Manifiesto Futura is an independent design studio based in Monterrey, Mexico. Since it’s inception in 2008, Manifiesto Futura’s approach has been founded on experimentation and a focus on the atypical. All images copyright Manifesto Futura



“For us, a risk isn’t really a risk. It’s an opportunity to do things differently, and grow.” The studio specialises in art direction and brand development, but also has the capacity to offer a broad range of creative services. With each project, the aim is to create something that is both beautiful and functional. A lot of time is dedicated to discovery where a project is planned, sketched and analysed. Manifiesto Futura’s aesthetic is distinctly Mexican in character:

“Our goal is to make the best of Mexican design, to change the shapes, strategies and narratives… through clear messages and smart incentives. Yet to keep the Mexican character, wit, and charisma intact” Manifiesto Futura is known for their use of restricted colour palettes, coupled with bold and bright accents. We particularly liked Manifiesto Futura’s own monochromatic corporate identity that marries a strong graphic logo with a sophisticated use of empty space.

Take a look at Manifiesto Futura’s full portfolio on their website or keep up to date with their latest projects by following them on twitter or Facebook.




When we saw the JUST IN CASE 速 End of the World Survival Kit, we had to share it with our readers because: 1.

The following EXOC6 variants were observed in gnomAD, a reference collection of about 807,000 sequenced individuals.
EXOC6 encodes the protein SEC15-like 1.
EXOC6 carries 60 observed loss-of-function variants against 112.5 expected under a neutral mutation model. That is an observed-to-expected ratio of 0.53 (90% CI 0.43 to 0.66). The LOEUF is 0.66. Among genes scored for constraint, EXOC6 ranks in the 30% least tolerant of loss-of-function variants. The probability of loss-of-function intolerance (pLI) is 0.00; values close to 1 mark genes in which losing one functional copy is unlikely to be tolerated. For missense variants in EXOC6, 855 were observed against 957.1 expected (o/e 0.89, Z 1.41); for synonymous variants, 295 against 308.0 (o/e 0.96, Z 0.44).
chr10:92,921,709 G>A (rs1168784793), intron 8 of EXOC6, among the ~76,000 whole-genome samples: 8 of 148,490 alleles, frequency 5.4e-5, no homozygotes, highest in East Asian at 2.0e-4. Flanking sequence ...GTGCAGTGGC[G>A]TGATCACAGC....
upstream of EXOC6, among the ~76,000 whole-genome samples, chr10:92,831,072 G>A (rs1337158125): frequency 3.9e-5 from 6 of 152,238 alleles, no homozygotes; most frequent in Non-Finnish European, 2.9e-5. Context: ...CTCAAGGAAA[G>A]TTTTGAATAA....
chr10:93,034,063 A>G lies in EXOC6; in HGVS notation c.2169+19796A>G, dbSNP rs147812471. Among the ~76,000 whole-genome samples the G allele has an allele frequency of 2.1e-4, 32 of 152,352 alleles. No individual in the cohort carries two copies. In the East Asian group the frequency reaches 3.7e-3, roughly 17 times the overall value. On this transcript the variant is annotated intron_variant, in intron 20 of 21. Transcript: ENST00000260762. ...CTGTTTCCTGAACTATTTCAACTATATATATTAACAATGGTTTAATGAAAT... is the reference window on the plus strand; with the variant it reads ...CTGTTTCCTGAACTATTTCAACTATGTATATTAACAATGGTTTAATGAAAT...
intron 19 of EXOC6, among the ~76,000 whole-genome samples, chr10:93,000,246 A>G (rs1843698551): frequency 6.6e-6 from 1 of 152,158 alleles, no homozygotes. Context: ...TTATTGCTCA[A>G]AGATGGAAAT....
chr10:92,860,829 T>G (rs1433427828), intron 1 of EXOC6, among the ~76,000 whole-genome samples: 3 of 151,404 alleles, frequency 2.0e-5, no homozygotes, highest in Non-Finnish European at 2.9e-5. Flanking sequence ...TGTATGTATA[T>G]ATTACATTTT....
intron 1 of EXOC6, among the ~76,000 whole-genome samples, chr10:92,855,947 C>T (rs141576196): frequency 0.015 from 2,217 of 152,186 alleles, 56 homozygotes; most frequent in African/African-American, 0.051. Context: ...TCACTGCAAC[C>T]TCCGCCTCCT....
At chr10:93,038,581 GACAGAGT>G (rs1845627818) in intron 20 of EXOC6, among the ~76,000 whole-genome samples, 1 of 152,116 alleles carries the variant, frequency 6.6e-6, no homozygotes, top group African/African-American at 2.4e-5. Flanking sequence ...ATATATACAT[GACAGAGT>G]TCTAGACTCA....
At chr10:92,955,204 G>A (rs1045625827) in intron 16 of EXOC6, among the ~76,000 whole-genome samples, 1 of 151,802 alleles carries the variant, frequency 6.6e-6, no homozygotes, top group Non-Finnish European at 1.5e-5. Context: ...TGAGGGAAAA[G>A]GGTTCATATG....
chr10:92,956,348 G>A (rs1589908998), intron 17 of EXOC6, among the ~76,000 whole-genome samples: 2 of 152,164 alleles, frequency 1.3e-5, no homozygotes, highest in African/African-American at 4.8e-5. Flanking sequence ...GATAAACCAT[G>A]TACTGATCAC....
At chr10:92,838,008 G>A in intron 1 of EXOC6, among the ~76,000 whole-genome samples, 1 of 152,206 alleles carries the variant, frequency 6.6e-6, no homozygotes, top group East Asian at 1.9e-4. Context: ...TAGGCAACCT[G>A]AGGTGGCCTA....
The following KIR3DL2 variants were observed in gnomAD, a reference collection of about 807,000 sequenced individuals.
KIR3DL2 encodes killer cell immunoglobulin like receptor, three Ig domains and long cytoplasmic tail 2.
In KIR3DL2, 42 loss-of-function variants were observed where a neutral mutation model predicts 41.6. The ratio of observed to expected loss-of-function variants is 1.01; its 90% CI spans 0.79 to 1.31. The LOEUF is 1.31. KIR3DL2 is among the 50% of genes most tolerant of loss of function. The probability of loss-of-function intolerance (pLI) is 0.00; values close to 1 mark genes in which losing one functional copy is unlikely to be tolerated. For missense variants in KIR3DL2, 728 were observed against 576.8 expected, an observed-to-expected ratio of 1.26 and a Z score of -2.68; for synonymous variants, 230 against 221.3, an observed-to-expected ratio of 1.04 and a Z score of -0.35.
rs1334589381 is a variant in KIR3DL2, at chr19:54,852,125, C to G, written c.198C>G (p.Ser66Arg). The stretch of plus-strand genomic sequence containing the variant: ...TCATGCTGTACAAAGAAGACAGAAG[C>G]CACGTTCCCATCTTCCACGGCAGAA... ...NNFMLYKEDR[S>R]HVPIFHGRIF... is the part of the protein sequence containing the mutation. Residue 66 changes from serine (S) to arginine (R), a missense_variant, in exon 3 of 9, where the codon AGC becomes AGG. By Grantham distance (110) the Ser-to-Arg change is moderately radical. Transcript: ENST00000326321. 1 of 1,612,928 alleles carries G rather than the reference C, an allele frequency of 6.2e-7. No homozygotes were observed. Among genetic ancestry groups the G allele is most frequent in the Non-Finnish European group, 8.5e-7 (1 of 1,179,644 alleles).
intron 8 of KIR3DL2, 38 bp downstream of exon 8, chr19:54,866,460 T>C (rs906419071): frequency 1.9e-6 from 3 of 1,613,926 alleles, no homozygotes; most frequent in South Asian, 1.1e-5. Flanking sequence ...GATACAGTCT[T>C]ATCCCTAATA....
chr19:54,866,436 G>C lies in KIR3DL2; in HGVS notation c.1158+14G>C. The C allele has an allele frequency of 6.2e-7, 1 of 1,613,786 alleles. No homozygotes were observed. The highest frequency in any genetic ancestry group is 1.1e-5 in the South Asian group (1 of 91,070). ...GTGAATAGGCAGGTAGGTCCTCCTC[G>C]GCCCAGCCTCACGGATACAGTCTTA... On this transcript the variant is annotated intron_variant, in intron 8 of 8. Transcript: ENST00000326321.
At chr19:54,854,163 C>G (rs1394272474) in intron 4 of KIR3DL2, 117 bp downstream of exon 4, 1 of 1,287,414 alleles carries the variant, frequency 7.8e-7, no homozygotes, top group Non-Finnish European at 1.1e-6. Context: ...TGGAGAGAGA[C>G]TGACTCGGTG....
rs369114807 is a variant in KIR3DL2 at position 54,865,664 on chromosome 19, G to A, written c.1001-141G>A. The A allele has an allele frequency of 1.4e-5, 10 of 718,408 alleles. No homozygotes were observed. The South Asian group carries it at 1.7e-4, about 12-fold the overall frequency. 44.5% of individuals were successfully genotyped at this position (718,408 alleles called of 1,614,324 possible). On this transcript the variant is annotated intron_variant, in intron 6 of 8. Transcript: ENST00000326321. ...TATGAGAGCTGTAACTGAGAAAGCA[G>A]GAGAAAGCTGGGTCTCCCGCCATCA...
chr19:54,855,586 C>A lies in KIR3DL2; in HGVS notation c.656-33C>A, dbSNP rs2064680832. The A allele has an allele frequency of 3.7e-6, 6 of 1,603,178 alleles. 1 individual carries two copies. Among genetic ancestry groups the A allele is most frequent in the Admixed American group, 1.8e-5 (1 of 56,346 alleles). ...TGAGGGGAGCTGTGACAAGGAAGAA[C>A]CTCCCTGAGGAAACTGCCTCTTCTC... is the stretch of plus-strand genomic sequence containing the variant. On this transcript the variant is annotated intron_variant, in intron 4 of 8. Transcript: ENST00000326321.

It is beautifully designed


It has a great concept


We wish we had thought of it

MENOSUNOCEROUNO managed to beat all the traditional cheap Merlots, picture calendars and stationary sets that are usually given as corporate gifts. Instead, they opted for an idea that was relevant and intriguing, if not slightly macabre.

The JUST IN CASE ® End of the World Survival Kit is inspired by the idea that the world may end in 2012 because of the completion of the Mayan calendar:

“Expecting a beautiful chaos, MENOSUNOCEROUNO created JUST IN CASE ®, the perfect brand for the end of times. A brand that covers all your basic apocalyptic needs. Our survival kit re-packages a collection of iconic products from Mexico to enjoy in no particular order. The perfect gift for friends and clients (only the ones we want to keep).”

MENOSUNOCEROUNO created a brilliant modern Mexican design for the end of times. Here is a rundown of what the JUST IN CASE ® End of the World Survival Kit includes: •

Chocolate Abuelita ®: Dark chocolate laced with cinnamon and covered in sugar. With more than 70 years in the market, this classic delight will make you feel well under any circumstances.

Doméstica Yellow Notebook ®: A design classic from Monterrey. Tell the story, write like John, draw like el Bosco, or use it to start a fire.

Simple Knife ®: Clean affordable design, a minimal hunting tool for animals or zombies.

40 Emergency Black Matches ®: Start a fire, get warm, light your way with style. Black is beautiful.

Xtabentun D’aristi ®: Original Mayan liqueur from Casa D’aristi in Yucatan, one of our favorite brands of 2011. Celebrate like the old times!

Basic Water ®: Drink wisely, survive up to ten days with one liter.

The clever people behind this concept are MENOSUNOCEROUNO, an integrated advertising, branding and digital agency based in Monterrey, Mexico. The studio was founded in 2001, by CEO Emmanuel Moreau and has subsequently grown to 40 staff members today. Talented designer Gerardo Ortiz joined the studio in 2003 as MENOSUNOCEROUNO’s Chief Creative Officer. His minimalist aesthetic, that is inspired by Swiss design, is reflected in the simple and polished design that MENOSUNOCEROUNO has become well known for. For more of MENOSUNOCEROUNO’s work, you can check out their website, Behance, YouTube channel and Facebook page.